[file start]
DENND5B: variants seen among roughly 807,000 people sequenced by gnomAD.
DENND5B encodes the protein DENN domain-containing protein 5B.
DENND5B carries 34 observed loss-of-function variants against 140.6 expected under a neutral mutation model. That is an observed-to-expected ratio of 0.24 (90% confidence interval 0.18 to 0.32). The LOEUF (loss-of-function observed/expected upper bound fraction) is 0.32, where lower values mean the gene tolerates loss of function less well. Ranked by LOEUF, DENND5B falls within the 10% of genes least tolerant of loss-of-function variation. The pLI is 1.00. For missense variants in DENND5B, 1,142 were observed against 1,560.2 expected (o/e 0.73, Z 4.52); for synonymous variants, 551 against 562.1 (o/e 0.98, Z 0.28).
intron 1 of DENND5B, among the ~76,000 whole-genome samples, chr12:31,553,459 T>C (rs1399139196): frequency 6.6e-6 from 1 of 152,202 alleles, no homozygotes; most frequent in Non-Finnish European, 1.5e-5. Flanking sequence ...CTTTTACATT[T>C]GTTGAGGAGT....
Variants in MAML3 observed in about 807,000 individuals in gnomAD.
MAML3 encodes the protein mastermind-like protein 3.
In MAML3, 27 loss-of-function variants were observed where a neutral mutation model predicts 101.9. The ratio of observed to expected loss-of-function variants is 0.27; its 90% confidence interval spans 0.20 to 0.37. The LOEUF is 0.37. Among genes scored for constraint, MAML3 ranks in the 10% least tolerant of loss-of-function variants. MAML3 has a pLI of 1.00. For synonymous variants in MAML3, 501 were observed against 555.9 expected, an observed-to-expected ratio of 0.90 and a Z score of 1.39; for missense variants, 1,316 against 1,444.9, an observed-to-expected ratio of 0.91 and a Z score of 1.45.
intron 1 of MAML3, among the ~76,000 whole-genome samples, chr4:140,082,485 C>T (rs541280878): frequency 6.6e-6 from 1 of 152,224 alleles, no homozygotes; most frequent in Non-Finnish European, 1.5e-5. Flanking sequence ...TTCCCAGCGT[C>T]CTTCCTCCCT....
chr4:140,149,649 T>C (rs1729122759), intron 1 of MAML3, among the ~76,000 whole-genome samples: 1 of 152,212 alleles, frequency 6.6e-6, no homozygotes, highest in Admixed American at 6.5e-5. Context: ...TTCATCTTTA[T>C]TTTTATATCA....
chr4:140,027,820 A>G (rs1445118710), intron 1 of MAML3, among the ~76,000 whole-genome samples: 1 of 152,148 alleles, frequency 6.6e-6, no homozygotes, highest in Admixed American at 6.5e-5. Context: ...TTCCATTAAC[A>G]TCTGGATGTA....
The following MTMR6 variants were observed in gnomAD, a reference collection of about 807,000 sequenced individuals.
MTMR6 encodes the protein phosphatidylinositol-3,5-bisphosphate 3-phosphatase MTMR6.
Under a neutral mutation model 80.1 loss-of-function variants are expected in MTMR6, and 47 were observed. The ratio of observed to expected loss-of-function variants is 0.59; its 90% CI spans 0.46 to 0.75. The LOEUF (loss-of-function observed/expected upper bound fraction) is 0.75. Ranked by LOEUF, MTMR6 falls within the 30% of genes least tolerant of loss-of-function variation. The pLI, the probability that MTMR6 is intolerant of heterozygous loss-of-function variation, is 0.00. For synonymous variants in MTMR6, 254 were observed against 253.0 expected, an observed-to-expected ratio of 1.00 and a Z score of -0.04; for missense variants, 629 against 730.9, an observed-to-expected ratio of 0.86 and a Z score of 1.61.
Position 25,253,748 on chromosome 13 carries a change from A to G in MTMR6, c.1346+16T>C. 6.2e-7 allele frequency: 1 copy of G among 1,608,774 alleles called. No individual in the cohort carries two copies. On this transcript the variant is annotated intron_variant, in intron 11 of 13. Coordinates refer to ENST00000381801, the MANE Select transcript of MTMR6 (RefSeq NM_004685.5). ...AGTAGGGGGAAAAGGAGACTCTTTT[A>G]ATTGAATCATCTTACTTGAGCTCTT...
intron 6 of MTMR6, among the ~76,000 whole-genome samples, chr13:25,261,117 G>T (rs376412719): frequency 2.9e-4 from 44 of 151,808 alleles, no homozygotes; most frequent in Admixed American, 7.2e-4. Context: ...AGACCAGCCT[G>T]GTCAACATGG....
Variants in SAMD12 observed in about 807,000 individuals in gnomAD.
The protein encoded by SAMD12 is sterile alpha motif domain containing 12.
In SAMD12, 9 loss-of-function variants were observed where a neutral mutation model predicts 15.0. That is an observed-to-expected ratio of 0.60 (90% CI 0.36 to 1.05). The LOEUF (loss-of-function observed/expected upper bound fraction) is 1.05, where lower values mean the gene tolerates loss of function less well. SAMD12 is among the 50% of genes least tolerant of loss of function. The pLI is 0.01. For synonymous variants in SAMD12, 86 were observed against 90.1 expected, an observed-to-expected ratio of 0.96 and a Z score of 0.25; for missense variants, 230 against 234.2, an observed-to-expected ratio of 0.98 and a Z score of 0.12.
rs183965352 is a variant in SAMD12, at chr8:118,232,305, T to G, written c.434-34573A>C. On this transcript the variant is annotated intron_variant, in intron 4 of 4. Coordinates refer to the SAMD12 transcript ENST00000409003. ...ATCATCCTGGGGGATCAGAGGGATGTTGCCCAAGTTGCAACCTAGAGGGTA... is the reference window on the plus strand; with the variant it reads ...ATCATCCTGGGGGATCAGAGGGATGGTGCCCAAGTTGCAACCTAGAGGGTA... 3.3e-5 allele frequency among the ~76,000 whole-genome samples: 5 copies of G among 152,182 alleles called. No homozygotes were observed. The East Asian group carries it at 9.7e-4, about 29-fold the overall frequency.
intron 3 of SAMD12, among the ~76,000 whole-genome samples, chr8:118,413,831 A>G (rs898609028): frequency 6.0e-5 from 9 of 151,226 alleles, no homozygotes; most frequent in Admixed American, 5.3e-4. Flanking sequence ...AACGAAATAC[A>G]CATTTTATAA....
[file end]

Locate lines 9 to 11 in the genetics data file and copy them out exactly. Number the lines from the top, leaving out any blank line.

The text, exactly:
chr4:140,149,649 T>C (rs1729122759), intron 1 of MAML3, among the ~76,000 whole-genome samples: 1 of 152,212 alleles, frequency 6.6e-6, no homozygotes, highest in Admixed American at 6.5e-5. Context: ...TTCATCTTTA[T>C]TTTTATATCA....
chr4:140,027,820 A>G (rs1445118710), intron 1 of MAML3, among the ~76,000 whole-genome samples: 1 of 152,148 alleles, frequency 6.6e-6, no homozygotes, highest in Admixed American at 6.5e-5. Context: ...TTCCATTAAC[A>G]TCTGGATGTA....
The following MTMR6 variants were observed in gnomAD, a reference collection of about 807,000 sequenced individuals.